Forum for Science, Industry and Business

Sponsored by:     3M 
Search our Site:

 

XMM-Newton probes formation of galaxy clusters

01.09.2005


ESA’s X-ray observatory, XMM-Newton, has for the first time allowed scientists to study in detail the formation history of galaxy clusters, not only with single arbitrarily selected objects, but with a complete representative sample of clusters.


XMM-Newton image of galaxy cluster RXCJ0658.5-5556


XMM-Newton image of galaxy cluster RXCJ2337.6+0016



Knowing how these massive objects formed is a key to understanding the past and future of the Universe. Scientists currently base their well-founded picture of cosmic evolution on a model of structure formation where small structures form first and these then make up larger astronomical objects.

Galaxy clusters are the largest and most recently formed objects in the known Universe, and they have many properties that make them great astrophysical ‘laboratories’. For example, they are important witnesses of the structure formation process and important ‘probes’ to test cosmological models.


To successfully test such cosmological models, we must have a good observational understanding of the dynamical structure of the individual galaxy clusters from representative cluster samples.

For example, we need to know how many clusters are well evolved. We also need to know which clusters have experienced a recent substantial gravitational accretion of mass, and which clusters are in a stage of collision and merging. In addition, a precise cluster mass measurement, performed with the same XMM-Newton data, is also a necessary prerequisite for quantitative cosmological studies.

The most easily visible part of galaxy clusters, i.e. the stars in all the galaxies, make up only a small fraction of the total of what makes up the cluster. Most of the observable matter of the cluster is composed of a hot gas (10-100 million degrees) trapped by the gravitational potential force of the cluster. This gas is completely invisible to human eyes, but because of its temperature, it is visible by its X-ray emission.

This is where XMM-Newton comes in. With its unprecedented photon-collecting power and capability of spatially resolved spectroscopy, XMM-Newton has enabled scientists to perform these studies so effectively that not only single objects, but also whole representative samples can be studied routinely.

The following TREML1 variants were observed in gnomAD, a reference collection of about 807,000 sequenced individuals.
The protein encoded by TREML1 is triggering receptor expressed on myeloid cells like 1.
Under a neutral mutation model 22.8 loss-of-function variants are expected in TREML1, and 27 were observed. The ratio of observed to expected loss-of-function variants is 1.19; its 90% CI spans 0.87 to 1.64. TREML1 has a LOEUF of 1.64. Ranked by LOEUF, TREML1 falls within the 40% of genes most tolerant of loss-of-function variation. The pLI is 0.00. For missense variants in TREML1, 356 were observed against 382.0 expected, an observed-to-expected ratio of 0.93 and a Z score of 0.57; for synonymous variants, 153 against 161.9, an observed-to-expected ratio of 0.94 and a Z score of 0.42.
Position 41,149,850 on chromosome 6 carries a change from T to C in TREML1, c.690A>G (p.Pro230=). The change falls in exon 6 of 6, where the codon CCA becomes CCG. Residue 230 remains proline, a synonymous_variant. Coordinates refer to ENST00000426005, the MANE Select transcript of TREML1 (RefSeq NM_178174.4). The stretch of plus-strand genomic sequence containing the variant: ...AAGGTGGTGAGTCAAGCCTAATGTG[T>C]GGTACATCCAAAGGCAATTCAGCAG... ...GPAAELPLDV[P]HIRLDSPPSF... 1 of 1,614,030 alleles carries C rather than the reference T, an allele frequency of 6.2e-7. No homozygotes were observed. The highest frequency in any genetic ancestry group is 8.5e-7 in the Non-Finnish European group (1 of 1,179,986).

XMM-Newton produces a combination of X-ray images (in different x-ray energy bands, which can be thought of as different X-ray ‘colours’), and makes spectroscopic measurements of different regions in the cluster.

While the image brightness gives information on the gas density in the cluster, the colours and spectra provide an indication of the cluster’s internal gas temperature. From the temperature and density distribution, the physically very important parameters of pressure and ‘entropy’ can be also derived. Entropy is a measure of the heating and cooling history of a physical system.

The accompanying three images illustrate the use of entropy distribution in the ‘X-ray luminous’ gas as a way of identifying various physical processes. Entropy has the unique property of decreasing with radiative cooling, increasing due to heating processes, but staying constant with compression or expansion under energy conservation.

The latter ensures that a ‘fossil record’ of any heating or cooling is kept even if the gas subsequently changes its pressure adiabatically (under energy conservation).

These examples are drawn from the REFLEX-DXL sample, a statistically complete sample of some of the most X-ray luminous clusters found in the ROSAT All-Sky Survey. ROSAT was an X-ray observatory developed in the 1990s in co-operation between Germany, USA and UK.

The images provide views of the entropy distribution coded in colour where the values increase from blue, green, yellow to red and white.

Norbert Schartel | alfa
Further information:
http://www.esa.int/esaSC/SEMDW5A5QCE_index_0.html

More articles from Physics and Astronomy:

nachricht MSU astronomers discovered supermassive black hole in an ultracompact dwarf galaxy